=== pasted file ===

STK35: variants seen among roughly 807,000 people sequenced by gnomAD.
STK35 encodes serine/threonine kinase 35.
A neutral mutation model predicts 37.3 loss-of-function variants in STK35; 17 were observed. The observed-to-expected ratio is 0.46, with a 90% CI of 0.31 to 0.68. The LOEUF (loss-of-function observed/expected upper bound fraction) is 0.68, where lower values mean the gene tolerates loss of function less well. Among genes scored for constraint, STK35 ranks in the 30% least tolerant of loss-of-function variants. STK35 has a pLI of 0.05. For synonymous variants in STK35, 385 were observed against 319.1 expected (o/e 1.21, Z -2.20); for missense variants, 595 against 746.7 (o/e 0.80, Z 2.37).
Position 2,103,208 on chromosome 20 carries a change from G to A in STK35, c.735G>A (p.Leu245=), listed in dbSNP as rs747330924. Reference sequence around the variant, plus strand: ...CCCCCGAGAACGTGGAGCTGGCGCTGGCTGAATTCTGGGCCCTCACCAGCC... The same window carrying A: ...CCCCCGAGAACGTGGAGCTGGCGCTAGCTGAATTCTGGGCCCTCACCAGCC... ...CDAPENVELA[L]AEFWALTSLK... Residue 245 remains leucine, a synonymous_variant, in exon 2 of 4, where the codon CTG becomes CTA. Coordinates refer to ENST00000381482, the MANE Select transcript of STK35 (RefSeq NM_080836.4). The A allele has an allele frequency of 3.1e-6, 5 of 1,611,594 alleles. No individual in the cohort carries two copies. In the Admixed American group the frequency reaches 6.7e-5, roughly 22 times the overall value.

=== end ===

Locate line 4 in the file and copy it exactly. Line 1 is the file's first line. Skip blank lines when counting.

Position 2,103,208 on chromosome 20 carries a change from G to A in STK35, c.735G>A (p.Leu245=), listed in dbSNP as rs747330924. Reference sequence around the variant, plus strand: ...CCCCCGAGAACGTGGAGCTGGCGCTGGCTGAATTCTGGGCCCTCACCAGCC... The same window carrying A: ...CCCCCGAGAACGTGGAGCTGGCGCTAGCTGAATTCTGGGCCCTCACCAGCC... ...CDAPENVELA[L]AEFWALTSLK... Residue 245 remains leucine, a synonymous_variant, in exon 2 of 4, where the codon CTG becomes CTA. Coordinates refer to ENST00000381482, the MANE Select transcript of STK35 (RefSeq NM_080836.4). The A allele has an allele frequency of 3.1e-6, 5 of 1,611,594 alleles. No individual in the cohort carries two copies. In the Admixed American group the frequency reaches 6.7e-5, roughly 22 times the overall value.